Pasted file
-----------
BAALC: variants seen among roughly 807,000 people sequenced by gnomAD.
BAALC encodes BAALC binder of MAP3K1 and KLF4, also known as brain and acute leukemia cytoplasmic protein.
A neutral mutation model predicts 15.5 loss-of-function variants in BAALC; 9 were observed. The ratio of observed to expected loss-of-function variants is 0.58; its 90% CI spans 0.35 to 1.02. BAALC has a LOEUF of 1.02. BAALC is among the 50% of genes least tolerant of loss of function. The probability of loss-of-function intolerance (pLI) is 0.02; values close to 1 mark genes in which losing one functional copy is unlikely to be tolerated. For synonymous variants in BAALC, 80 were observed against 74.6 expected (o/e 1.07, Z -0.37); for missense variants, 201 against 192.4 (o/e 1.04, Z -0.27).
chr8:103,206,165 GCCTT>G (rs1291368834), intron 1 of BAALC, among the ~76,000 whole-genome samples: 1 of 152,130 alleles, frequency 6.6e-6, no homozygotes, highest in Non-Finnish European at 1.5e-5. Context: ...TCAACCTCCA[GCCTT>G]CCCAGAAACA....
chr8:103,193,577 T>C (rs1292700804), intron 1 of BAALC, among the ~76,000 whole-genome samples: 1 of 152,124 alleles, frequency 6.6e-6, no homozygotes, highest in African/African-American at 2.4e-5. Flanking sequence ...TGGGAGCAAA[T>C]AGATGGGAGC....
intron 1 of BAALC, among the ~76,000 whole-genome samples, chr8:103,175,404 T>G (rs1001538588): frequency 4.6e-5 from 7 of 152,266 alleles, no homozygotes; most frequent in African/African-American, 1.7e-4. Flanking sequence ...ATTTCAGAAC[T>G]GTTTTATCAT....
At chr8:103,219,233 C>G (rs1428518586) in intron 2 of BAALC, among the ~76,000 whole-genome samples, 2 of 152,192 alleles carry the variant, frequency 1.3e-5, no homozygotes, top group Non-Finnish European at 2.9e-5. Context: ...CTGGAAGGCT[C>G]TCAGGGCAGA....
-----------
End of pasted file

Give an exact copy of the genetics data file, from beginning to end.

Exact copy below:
BAALC: variants seen among roughly 807,000 people sequenced by gnomAD.
BAALC encodes BAALC binder of MAP3K1 and KLF4, also known as brain and acute leukemia cytoplasmic protein.
A neutral mutation model predicts 15.5 loss-of-function variants in BAALC; 9 were observed. The ratio of observed to expected loss-of-function variants is 0.58; its 90% CI spans 0.35 to 1.02. BAALC has a LOEUF of 1.02. BAALC is among the 50% of genes least tolerant of loss of function. The probability of loss-of-function intolerance (pLI) is 0.02; values close to 1 mark genes in which losing one functional copy is unlikely to be tolerated. For synonymous variants in BAALC, 80 were observed against 74.6 expected (o/e 1.07, Z -0.37); for missense variants, 201 against 192.4 (o/e 1.04, Z -0.27).
chr8:103,206,165 GCCTT>G (rs1291368834), intron 1 of BAALC, among the ~76,000 whole-genome samples: 1 of 152,130 alleles, frequency 6.6e-6, no homozygotes, highest in Non-Finnish European at 1.5e-5. Context: ...TCAACCTCCA[GCCTT>G]CCCAGAAACA....
chr8:103,193,577 T>C (rs1292700804), intron 1 of BAALC, among the ~76,000 whole-genome samples: 1 of 152,124 alleles, frequency 6.6e-6, no homozygotes, highest in African/African-American at 2.4e-5. Flanking sequence ...TGGGAGCAAA[T>C]AGATGGGAGC....
intron 1 of BAALC, among the ~76,000 whole-genome samples, chr8:103,175,404 T>G (rs1001538588): frequency 4.6e-5 from 7 of 152,266 alleles, no homozygotes; most frequent in African/African-American, 1.7e-4. Flanking sequence ...ATTTCAGAAC[T>G]GTTTTATCAT....
At chr8:103,219,233 C>G (rs1428518586) in intron 2 of BAALC, among the ~76,000 whole-genome samples, 2 of 152,192 alleles carry the variant, frequency 1.3e-5, no homozygotes, top group Non-Finnish European at 2.9e-5. Context: ...CTGGAAGGCT[C>G]TCAGGGCAGA....